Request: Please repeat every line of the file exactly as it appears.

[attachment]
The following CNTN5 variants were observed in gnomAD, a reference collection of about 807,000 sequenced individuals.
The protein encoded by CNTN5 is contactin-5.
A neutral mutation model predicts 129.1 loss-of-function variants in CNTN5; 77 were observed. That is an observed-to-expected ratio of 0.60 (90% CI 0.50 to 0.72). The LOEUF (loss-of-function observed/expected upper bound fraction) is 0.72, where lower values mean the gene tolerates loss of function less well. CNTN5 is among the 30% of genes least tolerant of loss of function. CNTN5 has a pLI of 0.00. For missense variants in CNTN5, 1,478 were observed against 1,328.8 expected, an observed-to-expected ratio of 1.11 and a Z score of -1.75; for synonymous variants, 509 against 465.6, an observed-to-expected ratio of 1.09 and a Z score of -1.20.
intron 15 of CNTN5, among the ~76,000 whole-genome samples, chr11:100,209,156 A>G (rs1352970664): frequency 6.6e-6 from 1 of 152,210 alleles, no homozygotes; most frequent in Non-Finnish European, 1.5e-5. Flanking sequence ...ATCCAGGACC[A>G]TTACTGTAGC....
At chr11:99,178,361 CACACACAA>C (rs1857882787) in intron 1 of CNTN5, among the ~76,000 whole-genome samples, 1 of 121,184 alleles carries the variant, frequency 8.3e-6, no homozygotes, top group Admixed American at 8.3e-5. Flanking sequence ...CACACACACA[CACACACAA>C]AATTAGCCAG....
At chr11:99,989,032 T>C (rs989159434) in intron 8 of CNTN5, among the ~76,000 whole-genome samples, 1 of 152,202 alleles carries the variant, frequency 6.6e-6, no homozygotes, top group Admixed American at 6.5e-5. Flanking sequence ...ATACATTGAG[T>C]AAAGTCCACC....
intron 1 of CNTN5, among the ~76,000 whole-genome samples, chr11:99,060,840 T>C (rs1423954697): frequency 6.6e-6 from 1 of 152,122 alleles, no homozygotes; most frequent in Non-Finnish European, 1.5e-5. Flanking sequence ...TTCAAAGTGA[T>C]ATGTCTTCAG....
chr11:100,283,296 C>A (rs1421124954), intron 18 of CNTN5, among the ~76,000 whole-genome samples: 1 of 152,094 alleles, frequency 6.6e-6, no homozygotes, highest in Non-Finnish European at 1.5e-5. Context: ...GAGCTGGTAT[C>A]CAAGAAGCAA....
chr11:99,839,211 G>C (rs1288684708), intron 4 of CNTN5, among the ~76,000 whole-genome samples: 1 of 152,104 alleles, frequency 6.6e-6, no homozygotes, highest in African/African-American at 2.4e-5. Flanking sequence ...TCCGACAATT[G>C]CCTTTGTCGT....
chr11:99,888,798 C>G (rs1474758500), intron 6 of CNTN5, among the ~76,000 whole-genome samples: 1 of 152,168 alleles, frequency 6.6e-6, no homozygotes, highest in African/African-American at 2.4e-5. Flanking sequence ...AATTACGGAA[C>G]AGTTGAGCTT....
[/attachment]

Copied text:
The following CNTN5 variants were observed in gnomAD, a reference collection of about 807,000 sequenced individuals.
The protein encoded by CNTN5 is contactin-5.
A neutral mutation model predicts 129.1 loss-of-function variants in CNTN5; 77 were observed. That is an observed-to-expected ratio of 0.60 (90% CI 0.50 to 0.72). The LOEUF (loss-of-function observed/expected upper bound fraction) is 0.72, where lower values mean the gene tolerates loss of function less well. CNTN5 is among the 30% of genes least tolerant of loss of function. CNTN5 has a pLI of 0.00. For missense variants in CNTN5, 1,478 were observed against 1,328.8 expected, an observed-to-expected ratio of 1.11 and a Z score of -1.75; for synonymous variants, 509 against 465.6, an observed-to-expected ratio of 1.09 and a Z score of -1.20.
intron 15 of CNTN5, among the ~76,000 whole-genome samples, chr11:100,209,156 A>G (rs1352970664): frequency 6.6e-6 from 1 of 152,210 alleles, no homozygotes; most frequent in Non-Finnish European, 1.5e-5. Flanking sequence ...ATCCAGGACC[A>G]TTACTGTAGC....
At chr11:99,178,361 CACACACAA>C (rs1857882787) in intron 1 of CNTN5, among the ~76,000 whole-genome samples, 1 of 121,184 alleles carries the variant, frequency 8.3e-6, no homozygotes, top group Admixed American at 8.3e-5. Flanking sequence ...CACACACACA[CACACACAA>C]AATTAGCCAG....
At chr11:99,989,032 T>C (rs989159434) in intron 8 of CNTN5, among the ~76,000 whole-genome samples, 1 of 152,202 alleles carries the variant, frequency 6.6e-6, no homozygotes, top group Admixed American at 6.5e-5. Flanking sequence ...ATACATTGAG[T>C]AAAGTCCACC....
intron 1 of CNTN5, among the ~76,000 whole-genome samples, chr11:99,060,840 T>C (rs1423954697): frequency 6.6e-6 from 1 of 152,122 alleles, no homozygotes; most frequent in Non-Finnish European, 1.5e-5. Flanking sequence ...TTCAAAGTGA[T>C]ATGTCTTCAG....
chr11:100,283,296 C>A (rs1421124954), intron 18 of CNTN5, among the ~76,000 whole-genome samples: 1 of 152,094 alleles, frequency 6.6e-6, no homozygotes, highest in Non-Finnish European at 1.5e-5. Context: ...GAGCTGGTAT[C>A]CAAGAAGCAA....
chr11:99,839,211 G>C (rs1288684708), intron 4 of CNTN5, among the ~76,000 whole-genome samples: 1 of 152,104 alleles, frequency 6.6e-6, no homozygotes, highest in African/African-American at 2.4e-5. Flanking sequence ...TCCGACAATT[G>C]CCTTTGTCGT....
chr11:99,888,798 C>G (rs1474758500), intron 6 of CNTN5, among the ~76,000 whole-genome samples: 1 of 152,168 alleles, frequency 6.6e-6, no homozygotes, highest in African/African-American at 2.4e-5. Flanking sequence ...AATTACGGAA[C>G]AGTTGAGCTT....